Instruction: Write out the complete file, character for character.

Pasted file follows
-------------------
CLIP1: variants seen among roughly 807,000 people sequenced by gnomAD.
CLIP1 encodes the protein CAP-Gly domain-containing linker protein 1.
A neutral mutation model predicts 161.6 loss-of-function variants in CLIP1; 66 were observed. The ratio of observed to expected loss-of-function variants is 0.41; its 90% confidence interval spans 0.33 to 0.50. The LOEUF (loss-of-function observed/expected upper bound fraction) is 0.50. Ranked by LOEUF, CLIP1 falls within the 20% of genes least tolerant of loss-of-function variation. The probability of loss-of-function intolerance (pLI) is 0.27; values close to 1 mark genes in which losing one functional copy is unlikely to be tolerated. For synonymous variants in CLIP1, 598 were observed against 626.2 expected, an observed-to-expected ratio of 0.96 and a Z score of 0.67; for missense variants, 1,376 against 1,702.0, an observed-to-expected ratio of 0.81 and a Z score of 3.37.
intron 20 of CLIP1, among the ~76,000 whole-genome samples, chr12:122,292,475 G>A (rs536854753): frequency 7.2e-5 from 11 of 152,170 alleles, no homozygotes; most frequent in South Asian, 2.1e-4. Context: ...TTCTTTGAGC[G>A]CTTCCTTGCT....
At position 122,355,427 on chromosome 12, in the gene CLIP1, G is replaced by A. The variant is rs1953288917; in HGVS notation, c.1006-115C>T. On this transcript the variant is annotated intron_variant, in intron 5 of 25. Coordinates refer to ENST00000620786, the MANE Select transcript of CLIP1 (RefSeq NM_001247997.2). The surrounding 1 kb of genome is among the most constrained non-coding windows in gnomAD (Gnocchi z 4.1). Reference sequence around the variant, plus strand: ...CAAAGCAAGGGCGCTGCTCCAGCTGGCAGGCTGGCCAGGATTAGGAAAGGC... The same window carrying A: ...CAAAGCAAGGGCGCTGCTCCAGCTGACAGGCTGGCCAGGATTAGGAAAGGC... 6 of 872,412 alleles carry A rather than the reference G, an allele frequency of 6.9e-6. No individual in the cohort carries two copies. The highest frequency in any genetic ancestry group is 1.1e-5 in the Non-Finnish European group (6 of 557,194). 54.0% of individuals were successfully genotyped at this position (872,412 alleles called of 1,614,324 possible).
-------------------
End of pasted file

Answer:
CLIP1: variants seen among roughly 807,000 people sequenced by gnomAD.
CLIP1 encodes the protein CAP-Gly domain-containing linker protein 1.
A neutral mutation model predicts 161.6 loss-of-function variants in CLIP1; 66 were observed. The ratio of observed to expected loss-of-function variants is 0.41; its 90% confidence interval spans 0.33 to 0.50. The LOEUF (loss-of-function observed/expected upper bound fraction) is 0.50. Ranked by LOEUF, CLIP1 falls within the 20% of genes least tolerant of loss-of-function variation. The probability of loss-of-function intolerance (pLI) is 0.27; values close to 1 mark genes in which losing one functional copy is unlikely to be tolerated. For synonymous variants in CLIP1, 598 were observed against 626.2 expected, an observed-to-expected ratio of 0.96 and a Z score of 0.67; for missense variants, 1,376 against 1,702.0, an observed-to-expected ratio of 0.81 and a Z score of 3.37.
intron 20 of CLIP1, among the ~76,000 whole-genome samples, chr12:122,292,475 G>A (rs536854753): frequency 7.2e-5 from 11 of 152,170 alleles, no homozygotes; most frequent in South Asian, 2.1e-4. Context: ...TTCTTTGAGC[G>A]CTTCCTTGCT....
At position 122,355,427 on chromosome 12, in the gene CLIP1, G is replaced by A. The variant is rs1953288917; in HGVS notation, c.1006-115C>T. On this transcript the variant is annotated intron_variant, in intron 5 of 25. Coordinates refer to ENST00000620786, the MANE Select transcript of CLIP1 (RefSeq NM_001247997.2). The surrounding 1 kb of genome is among the most constrained non-coding windows in gnomAD (Gnocchi z 4.1). Reference sequence around the variant, plus strand: ...CAAAGCAAGGGCGCTGCTCCAGCTGGCAGGCTGGCCAGGATTAGGAAAGGC... The same window carrying A: ...CAAAGCAAGGGCGCTGCTCCAGCTGACAGGCTGGCCAGGATTAGGAAAGGC... 6 of 872,412 alleles carry A rather than the reference G, an allele frequency of 6.9e-6. No individual in the cohort carries two copies. The highest frequency in any genetic ancestry group is 1.1e-5 in the Non-Finnish European group (6 of 557,194). 54.0% of individuals were successfully genotyped at this position (872,412 alleles called of 1,614,324 possible).